BluRay/DVD Reviews


By • Oct 22nd, 2002 •

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BOX SET Produced by AD Vision, Inc
Three Disc Set: 270 Minutes

It’s fun to test film-buffs, asking them if they know of DAIMAJIN. Generally, they’ll say no. Show them the last ten minutes of DAIMAJIN. They’ll gasp, get so drawn in, they’ll want to go out and buy the entire DVD box set of all three DAIMAJIN films.

DAIMAJIN is a visually and emotionally stunning cross of rampaging giant monster films, and samurai epics. The first DAIMAJIN film was produced by Japan’s Daiei Studio in 1966. Daiei was the rival studio to Toho, who ruled the Japanese film industry with their Godzilla series, Akira Kurosawa films, and middle-class “salary-man” comedies.

At first, DAIMAJIN feels like a conventional Japanese period movie. A small village is taken over by the cruel, warlike Samanosuke (Ryutaro Gomi). He has killed the former lord of the village, and is hunting down the heirs, who hide for years near a large, peaceful looking statue in the distant mountains. Samanosuke enslaves the villagers, and mocks all warnings that he will answer to Majin, the warrior God trapped in the statue. He sends his soldiers to demolish the statue. The soldiers start hacking away at the statue and the stone idol bleeds. Now this is where the film goes wonderfully berserk!

Like FIEND WITHOUT A FACE, another great, visually brilliant monster film, patience sitting out a slow opening hour pays off. The statue turns from a passive looking idol to a mean and distorted giant wordless samurai who advances onto the village, seeking Samanosuke. The sky turns blood red, and the giant Majin crushes samurai, smashes fortresses, and at one point flattens one of Samanosuke’s screaming flunkies against a stone wall like a tomato! It’s one eye-popping, show-stopping giant monster moment after another. What Majin finally does to Samanosuke I’m not going to tell you. You have to see it for yourself!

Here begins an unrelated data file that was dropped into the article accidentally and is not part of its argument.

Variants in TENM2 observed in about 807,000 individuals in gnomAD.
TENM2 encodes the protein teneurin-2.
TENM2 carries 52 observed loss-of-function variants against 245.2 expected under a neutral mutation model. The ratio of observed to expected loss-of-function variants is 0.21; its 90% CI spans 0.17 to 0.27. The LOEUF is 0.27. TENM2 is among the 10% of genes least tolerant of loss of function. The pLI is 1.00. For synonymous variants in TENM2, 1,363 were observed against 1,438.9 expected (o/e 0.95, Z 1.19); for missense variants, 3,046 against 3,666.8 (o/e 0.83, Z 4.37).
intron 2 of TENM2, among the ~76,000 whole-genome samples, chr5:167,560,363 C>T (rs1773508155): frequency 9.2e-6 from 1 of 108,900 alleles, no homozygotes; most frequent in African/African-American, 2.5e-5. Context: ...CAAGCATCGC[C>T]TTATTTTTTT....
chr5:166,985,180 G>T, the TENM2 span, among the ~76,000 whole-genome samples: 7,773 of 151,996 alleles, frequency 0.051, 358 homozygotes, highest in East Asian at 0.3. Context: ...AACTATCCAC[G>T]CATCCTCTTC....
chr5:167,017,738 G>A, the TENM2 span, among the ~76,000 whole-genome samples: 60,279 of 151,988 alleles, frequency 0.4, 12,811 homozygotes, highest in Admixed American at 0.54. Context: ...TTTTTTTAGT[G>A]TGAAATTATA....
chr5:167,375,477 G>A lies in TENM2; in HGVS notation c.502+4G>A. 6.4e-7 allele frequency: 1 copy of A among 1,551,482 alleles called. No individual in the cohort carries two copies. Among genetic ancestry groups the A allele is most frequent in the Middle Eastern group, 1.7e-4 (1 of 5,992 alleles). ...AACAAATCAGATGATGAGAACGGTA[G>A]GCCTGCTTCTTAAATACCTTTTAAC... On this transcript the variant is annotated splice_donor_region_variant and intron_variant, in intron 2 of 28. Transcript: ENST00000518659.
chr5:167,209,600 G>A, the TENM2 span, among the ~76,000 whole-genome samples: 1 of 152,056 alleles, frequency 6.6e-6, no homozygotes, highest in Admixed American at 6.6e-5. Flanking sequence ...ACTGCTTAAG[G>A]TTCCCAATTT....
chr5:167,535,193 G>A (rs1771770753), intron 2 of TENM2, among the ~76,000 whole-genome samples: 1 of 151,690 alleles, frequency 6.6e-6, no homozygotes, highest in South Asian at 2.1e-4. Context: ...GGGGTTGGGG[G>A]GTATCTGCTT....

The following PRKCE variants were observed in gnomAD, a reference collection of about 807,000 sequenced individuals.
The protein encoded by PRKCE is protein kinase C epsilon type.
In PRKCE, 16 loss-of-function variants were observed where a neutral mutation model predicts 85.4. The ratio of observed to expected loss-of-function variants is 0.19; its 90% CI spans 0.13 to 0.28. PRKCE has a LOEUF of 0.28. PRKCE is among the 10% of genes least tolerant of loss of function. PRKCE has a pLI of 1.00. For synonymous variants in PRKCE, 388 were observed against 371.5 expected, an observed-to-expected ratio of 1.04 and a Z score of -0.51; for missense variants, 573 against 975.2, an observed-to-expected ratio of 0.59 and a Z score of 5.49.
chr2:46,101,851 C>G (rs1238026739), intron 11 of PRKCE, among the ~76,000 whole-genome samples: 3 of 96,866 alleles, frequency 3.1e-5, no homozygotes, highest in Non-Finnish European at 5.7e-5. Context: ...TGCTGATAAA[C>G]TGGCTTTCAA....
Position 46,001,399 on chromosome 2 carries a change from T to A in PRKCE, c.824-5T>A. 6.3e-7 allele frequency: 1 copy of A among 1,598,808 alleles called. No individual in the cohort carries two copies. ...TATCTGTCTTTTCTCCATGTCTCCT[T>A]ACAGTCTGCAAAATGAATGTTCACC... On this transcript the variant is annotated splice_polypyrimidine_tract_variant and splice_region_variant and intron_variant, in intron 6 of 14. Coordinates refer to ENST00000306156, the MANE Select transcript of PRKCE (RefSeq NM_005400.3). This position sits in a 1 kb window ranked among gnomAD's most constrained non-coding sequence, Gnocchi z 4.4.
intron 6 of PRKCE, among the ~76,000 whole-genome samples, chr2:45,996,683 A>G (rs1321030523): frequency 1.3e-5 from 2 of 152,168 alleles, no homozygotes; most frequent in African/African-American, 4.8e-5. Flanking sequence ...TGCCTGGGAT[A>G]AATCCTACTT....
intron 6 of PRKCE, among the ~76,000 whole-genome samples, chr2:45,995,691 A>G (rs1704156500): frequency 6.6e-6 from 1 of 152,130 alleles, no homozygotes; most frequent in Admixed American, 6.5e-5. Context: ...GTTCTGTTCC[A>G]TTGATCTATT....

The special effects at times top the work done by Godzilla’s effects man, Eiji Tsuburaya. It seems, in some shots, Daiei actually built an enormous Majin with moveable arms, legs and head. How else did director Kimiyoshi Yasuda achieve the giant moving Majin fending off advancing samurai in a hand-held shot?

DAIMAJIN (“Dai” being a Japanese word for “great” or “giant”) was successful enough to create two sequels within the same year. American International Pictures released the film here as MAJIN; MONSTER OF TERROR, in a flat, pan-and-scan, dubbed version for American television. Luckily, AD Vision, Inc, under the banner of Rubbersuit Pictures, released an affordable three disc set in widescreen, with English subtitles and Dolby Digital Sound (Akira Ifakube, who did the music for the Godzilla films, created a fantastic pounding score for all three DAIMAJIN films)

As with most movie sequels, we are treated to the crowd-pleasing highlights of the first film. RETURN OF DAIMAJIN (Disc #3) is such a repeat, and rather run of the mill. Again, a village is taken over, and this time, the soldiers succeed in destroying the statue. Majin comes back, rising from a lake. RETURN becomes wacky when Majin parts the lake and walks across it, much like Mr. Heston in a certain Cecil B. DeMille film. The same DeMille camera angles and effects are copied. Majin later pulls a crucified maiden from a cross, carries the cross a bit, and gently puts it aside before making hash out of this new set of warlords.

The third and last sequel, WRATH OF DAIMAJIN (Disc #2) has the same plot, but we follow a trio of fugitive children hunted by soldiers, trying to survive in the snow. This time, Majin has a helper, a beautiful yellow-eyed hawk. The scenes with the boys and the hawk are rather touching, and add a warm fairy-tale feel to the film. Majin’s attack on the bad guys is during a raging blizzard. Oh, to have seen that on a big screen.

According to one article, Kevin Costner considered doing an American remake. AD Vision also released Toho’s all star monster treat DESTROY ALL MONSTERS. We are hoping we can see more classic Japanese monster thrills from them in the near future.

Producer: Masaichi Nagata
Directed by Kimiyoshi Yasuda
Written by Tetsuro Yoshida
Cast: Miwi Takada, Ryutar Gomi, Ryuzo Kuroda
1966. Daiei

Producer: Masaichi Nagata
Directed by Kenji Misumi
Written by Tetsuro Yoshida
Cast: Kojiro Hongo, Taro Marui, Asao Uchida
1966. Daiei

Producer: Masaichi Nagata
Directed by Kazuo Mori
Written by Tetsuro Yoshida
Cast: Hideki Ninomiya, Shinji Horii, Masahide Iizuka
1966. Daiei

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